Delphic Oracle

Apollo's Temple at Delphi Oracles are seers, truth-sayers, or prophets; they are human spokespersons for divine entities. Throughout the ancient world oracles played an important role in social and political affirs as well as the individual lives of ordinary persons. Often oracles were associated with a particular geographical area or a particular shrine or temple. There were many well known oracles in the Mediterranean region, but none rivaled the Oracle of Delphi.

Delphi is a small village in the mountains Northwest of Athens. No one quite knows when, but sometime in the misty pre-history of the Greek civilization a Delphic villager, probably seeking some refuge from the rigorous demands of her daily family duties, entered a small cave in the mountains. When she emerged, she seemed transformed and spoke incoherently. This was interpreted by the villagers as divine madness, or possession by the spirit of the chief god they worshiped: Apollo (also known as the Pythian god for his slaying of the great python of Delos). In this state of divine possession, the woman became an oracle, or mouthpiece of Apollo. Whenever she entered the cave she would become transfixed by the spirit of Apollo and could communicate directly to the people on behalf of the god. A small temple was erected around the cave and a religious order was founded. By making an offering to the god, one could ask advice on any pressing issue, from when to conduct a battle, to the most favorable time to plant crops. News of the Delphic Oracle quickly spread throughout Greece, and indeed the entire ancient world.

By the Fifth Century BCE, the time of Socrates, the Oracle of Delphi was firmly established as a center for divine communication. An elaborate system of priests and prophetesses had arisen and a line of succession for the main oracle had been established handing the title down from generation to generation. The temple was supported not only by individual devotes, but also received sponsorship from the major city-states of Greece. After all, it was well worth it to maintain a reliable seer for times of crisis when the insight of the gods could establish a city's fortunes in war or commerce.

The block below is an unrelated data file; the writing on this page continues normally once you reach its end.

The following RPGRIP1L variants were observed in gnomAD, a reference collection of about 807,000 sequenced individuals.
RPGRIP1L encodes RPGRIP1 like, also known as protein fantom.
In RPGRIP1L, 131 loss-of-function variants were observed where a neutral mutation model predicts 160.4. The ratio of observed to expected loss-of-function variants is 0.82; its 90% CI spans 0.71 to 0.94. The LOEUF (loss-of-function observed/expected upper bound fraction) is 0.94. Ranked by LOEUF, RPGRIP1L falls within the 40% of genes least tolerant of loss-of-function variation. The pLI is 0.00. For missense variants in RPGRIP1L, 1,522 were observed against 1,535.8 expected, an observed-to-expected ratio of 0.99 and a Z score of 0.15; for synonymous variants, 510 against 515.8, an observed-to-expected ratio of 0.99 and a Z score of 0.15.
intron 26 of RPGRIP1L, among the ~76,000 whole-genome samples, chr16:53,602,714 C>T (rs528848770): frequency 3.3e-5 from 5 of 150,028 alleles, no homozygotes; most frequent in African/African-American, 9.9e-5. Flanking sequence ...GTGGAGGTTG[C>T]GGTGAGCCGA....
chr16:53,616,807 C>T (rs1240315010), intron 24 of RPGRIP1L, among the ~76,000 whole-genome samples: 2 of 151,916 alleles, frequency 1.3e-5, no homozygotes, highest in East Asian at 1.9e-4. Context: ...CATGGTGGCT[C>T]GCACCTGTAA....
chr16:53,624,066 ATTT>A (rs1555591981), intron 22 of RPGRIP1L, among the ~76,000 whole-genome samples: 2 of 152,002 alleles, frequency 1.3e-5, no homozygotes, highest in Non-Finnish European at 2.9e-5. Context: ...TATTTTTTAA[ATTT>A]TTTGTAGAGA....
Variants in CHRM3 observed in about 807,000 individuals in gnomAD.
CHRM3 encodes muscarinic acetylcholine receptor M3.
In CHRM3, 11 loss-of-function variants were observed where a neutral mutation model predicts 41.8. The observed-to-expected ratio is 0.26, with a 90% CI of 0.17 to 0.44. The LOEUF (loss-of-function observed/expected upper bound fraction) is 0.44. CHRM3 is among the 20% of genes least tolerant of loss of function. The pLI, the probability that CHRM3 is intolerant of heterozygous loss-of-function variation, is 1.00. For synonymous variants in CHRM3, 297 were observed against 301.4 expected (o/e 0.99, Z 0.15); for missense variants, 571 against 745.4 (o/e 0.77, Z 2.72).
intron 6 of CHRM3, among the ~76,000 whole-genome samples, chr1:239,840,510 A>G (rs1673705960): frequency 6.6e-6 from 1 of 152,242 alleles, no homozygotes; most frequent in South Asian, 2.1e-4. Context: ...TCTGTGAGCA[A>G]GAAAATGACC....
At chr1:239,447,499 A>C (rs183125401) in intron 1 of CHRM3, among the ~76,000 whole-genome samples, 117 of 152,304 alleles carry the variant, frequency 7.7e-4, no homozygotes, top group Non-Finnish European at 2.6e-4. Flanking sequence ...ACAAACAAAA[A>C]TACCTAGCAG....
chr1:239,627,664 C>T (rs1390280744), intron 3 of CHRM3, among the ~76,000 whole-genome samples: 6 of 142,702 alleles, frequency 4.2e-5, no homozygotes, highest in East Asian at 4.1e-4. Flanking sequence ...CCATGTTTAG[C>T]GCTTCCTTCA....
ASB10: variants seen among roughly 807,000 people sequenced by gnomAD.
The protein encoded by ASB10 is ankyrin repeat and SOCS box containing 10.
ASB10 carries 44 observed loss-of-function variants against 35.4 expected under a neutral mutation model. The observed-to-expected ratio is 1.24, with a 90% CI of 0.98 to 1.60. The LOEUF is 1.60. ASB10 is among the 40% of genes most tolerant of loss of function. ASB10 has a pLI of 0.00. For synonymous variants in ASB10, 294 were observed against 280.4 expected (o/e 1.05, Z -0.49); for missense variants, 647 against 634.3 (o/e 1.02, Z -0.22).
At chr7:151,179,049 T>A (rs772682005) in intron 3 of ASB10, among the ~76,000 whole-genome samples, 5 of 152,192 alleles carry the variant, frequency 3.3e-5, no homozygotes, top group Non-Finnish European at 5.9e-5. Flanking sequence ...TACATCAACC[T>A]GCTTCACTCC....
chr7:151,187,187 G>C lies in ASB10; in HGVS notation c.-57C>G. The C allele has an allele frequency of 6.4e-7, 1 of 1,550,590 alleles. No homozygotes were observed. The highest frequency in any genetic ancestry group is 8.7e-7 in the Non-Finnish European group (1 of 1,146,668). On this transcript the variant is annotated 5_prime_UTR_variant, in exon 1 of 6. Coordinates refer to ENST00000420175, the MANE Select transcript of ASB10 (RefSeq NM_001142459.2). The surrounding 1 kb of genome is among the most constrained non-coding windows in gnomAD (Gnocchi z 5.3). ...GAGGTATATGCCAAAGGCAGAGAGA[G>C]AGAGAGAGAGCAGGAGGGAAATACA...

The procedure of gaining access to Apollo's insights was simple enough. After having made an offering to the god, one could ask either a simple "yes" or "no" type of question, or a more open-ended question. Questions of the former type were referred to one of the temple priestesses who would reach into a bag and draw out a white or black stone, one meaning "yes," the other "no." The latter type of question was referred to the main oracle who sat in the mouth of the cave (around which a shrine had been built) in her divine trance. She would then deliver a, usually cryptic, response. It was up to the petitioner to interpret Apollo's message, but caved above the intrance to the temple was the inscription, "Know Thyself." This irony was not lost on the Greeks, but neither did it interfere with their devotion. The Greek religion had no single authoritative scripture, nor was there a single theological orthodoxy. Thus, the Greeks tended to take what might appear to us as inconsistency in stride as part of the mystery of life.

We have no way of knowing how seriously Socrates took the Delphic oracle, but it seems clear enough from Plato's account of his trial that Socrates did think the gods spoke to humans (he claims at the end of the Apology to have a divine voice which has guided him throughout his life). It is clear, however, that Socrates was well aware that any Word from the Oracle could not be taken at face value and had to be carefully considered. Thus, while Chaerephon seems to have taken the claim, "no one is wiser than Socrates," to mean that Socrates was the wisest man alive, Socrates himself was less sure.